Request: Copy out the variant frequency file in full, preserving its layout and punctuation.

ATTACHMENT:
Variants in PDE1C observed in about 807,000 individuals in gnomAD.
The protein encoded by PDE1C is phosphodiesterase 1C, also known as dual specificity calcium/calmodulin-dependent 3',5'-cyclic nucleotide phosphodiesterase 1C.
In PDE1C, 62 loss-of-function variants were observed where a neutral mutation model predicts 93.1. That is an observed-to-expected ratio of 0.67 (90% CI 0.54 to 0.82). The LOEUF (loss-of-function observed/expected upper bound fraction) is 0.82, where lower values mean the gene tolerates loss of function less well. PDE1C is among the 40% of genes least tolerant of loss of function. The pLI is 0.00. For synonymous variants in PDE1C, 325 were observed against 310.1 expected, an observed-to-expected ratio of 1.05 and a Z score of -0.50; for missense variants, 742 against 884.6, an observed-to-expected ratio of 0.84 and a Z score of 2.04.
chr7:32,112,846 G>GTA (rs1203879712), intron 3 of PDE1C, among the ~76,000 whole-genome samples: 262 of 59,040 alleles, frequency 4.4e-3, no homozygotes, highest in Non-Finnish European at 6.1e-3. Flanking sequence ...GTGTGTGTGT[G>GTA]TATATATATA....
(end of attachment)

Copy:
Variants in PDE1C observed in about 807,000 individuals in gnomAD.
The protein encoded by PDE1C is phosphodiesterase 1C, also known as dual specificity calcium/calmodulin-dependent 3',5'-cyclic nucleotide phosphodiesterase 1C.
In PDE1C, 62 loss-of-function variants were observed where a neutral mutation model predicts 93.1. That is an observed-to-expected ratio of 0.67 (90% CI 0.54 to 0.82). The LOEUF (loss-of-function observed/expected upper bound fraction) is 0.82, where lower values mean the gene tolerates loss of function less well. PDE1C is among the 40% of genes least tolerant of loss of function. The pLI is 0.00. For synonymous variants in PDE1C, 325 were observed against 310.1 expected, an observed-to-expected ratio of 1.05 and a Z score of -0.50; for missense variants, 742 against 884.6, an observed-to-expected ratio of 0.84 and a Z score of 2.04.
chr7:32,112,846 G>GTA (rs1203879712), intron 3 of PDE1C, among the ~76,000 whole-genome samples: 262 of 59,040 alleles, frequency 4.4e-3, no homozygotes, highest in Non-Finnish European at 6.1e-3. Flanking sequence ...GTGTGTGTGT[G>GTA]TATATATATA....